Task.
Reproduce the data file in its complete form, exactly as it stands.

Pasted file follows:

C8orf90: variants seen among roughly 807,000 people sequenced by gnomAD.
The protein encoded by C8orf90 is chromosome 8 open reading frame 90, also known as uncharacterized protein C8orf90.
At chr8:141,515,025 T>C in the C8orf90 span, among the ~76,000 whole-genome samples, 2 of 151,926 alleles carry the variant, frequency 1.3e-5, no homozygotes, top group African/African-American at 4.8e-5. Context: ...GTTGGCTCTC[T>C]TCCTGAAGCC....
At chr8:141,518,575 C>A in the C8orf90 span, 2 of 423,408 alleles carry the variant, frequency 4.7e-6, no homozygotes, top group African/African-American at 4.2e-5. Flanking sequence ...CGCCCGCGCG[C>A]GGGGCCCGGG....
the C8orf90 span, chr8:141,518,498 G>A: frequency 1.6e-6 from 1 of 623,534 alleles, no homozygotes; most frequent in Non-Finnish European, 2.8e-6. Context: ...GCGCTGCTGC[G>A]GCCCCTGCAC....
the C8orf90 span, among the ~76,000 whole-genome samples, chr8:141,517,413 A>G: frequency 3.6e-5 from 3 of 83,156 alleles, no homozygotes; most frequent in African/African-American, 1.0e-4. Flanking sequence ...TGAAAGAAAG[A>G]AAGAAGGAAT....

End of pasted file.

C8orf90: variants seen among roughly 807,000 people sequenced by gnomAD.
The protein encoded by C8orf90 is chromosome 8 open reading frame 90, also known as uncharacterized protein C8orf90.
At chr8:141,515,025 T>C in the C8orf90 span, among the ~76,000 whole-genome samples, 2 of 151,926 alleles carry the variant, frequency 1.3e-5, no homozygotes, top group African/African-American at 4.8e-5. Context: ...GTTGGCTCTC[T>C]TCCTGAAGCC....
At chr8:141,518,575 C>A in the C8orf90 span, 2 of 423,408 alleles carry the variant, frequency 4.7e-6, no homozygotes, top group African/African-American at 4.2e-5. Flanking sequence ...CGCCCGCGCG[C>A]GGGGCCCGGG....
the C8orf90 span, chr8:141,518,498 G>A: frequency 1.6e-6 from 1 of 623,534 alleles, no homozygotes; most frequent in Non-Finnish European, 2.8e-6. Context: ...GCGCTGCTGC[G>A]GCCCCTGCAC....
the C8orf90 span, among the ~76,000 whole-genome samples, chr8:141,517,413 A>G: frequency 3.6e-5 from 3 of 83,156 alleles, no homozygotes; most frequent in African/African-American, 1.0e-4. Flanking sequence ...TGAAAGAAAG[A>G]AAGAAGGAAT....